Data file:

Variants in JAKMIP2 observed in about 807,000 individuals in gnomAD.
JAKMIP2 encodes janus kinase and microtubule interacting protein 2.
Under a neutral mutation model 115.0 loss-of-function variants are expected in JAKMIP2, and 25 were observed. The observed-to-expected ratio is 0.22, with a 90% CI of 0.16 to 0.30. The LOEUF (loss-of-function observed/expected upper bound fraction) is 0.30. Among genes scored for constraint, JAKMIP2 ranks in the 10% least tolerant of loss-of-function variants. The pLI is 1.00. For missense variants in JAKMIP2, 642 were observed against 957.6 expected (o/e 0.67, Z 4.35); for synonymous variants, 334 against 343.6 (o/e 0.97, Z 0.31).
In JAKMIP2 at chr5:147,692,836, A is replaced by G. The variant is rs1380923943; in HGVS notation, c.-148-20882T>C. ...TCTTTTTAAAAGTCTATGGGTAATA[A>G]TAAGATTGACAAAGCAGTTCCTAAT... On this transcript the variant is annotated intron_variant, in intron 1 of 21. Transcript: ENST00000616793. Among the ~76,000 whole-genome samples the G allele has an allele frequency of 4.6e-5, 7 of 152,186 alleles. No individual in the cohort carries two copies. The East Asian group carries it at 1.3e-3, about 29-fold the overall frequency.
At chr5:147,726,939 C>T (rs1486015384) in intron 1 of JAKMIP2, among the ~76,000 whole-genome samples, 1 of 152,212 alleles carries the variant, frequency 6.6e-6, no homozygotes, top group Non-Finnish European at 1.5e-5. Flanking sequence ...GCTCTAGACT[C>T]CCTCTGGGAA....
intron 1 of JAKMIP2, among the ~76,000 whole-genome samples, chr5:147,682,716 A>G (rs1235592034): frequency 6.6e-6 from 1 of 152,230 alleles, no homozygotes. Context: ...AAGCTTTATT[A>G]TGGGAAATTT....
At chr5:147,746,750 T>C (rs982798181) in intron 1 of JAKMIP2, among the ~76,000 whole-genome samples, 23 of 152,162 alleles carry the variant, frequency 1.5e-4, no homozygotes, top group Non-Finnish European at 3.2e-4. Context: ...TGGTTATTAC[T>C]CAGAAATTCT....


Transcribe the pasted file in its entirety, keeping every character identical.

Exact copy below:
Variants in JAKMIP2 observed in about 807,000 individuals in gnomAD.
JAKMIP2 encodes janus kinase and microtubule interacting protein 2.
Under a neutral mutation model 115.0 loss-of-function variants are expected in JAKMIP2, and 25 were observed. The observed-to-expected ratio is 0.22, with a 90% CI of 0.16 to 0.30. The LOEUF (loss-of-function observed/expected upper bound fraction) is 0.30. Among genes scored for constraint, JAKMIP2 ranks in the 10% least tolerant of loss-of-function variants. The pLI is 1.00. For missense variants in JAKMIP2, 642 were observed against 957.6 expected (o/e 0.67, Z 4.35); for synonymous variants, 334 against 343.6 (o/e 0.97, Z 0.31).
In JAKMIP2 at chr5:147,692,836, A is replaced by G. The variant is rs1380923943; in HGVS notation, c.-148-20882T>C. ...TCTTTTTAAAAGTCTATGGGTAATA[A>G]TAAGATTGACAAAGCAGTTCCTAAT... On this transcript the variant is annotated intron_variant, in intron 1 of 21. Transcript: ENST00000616793. Among the ~76,000 whole-genome samples the G allele has an allele frequency of 4.6e-5, 7 of 152,186 alleles. No individual in the cohort carries two copies. The East Asian group carries it at 1.3e-3, about 29-fold the overall frequency.
At chr5:147,726,939 C>T (rs1486015384) in intron 1 of JAKMIP2, among the ~76,000 whole-genome samples, 1 of 152,212 alleles carries the variant, frequency 6.6e-6, no homozygotes, top group Non-Finnish European at 1.5e-5. Flanking sequence ...GCTCTAGACT[C>T]CCTCTGGGAA....
intron 1 of JAKMIP2, among the ~76,000 whole-genome samples, chr5:147,682,716 A>G (rs1235592034): frequency 6.6e-6 from 1 of 152,230 alleles, no homozygotes. Context: ...AAGCTTTATT[A>G]TGGGAAATTT....
At chr5:147,746,750 T>C (rs982798181) in intron 1 of JAKMIP2, among the ~76,000 whole-genome samples, 23 of 152,162 alleles carry the variant, frequency 1.5e-4, no homozygotes, top group Non-Finnish European at 3.2e-4. Context: ...TGGTTATTAC[T>C]CAGAAATTCT....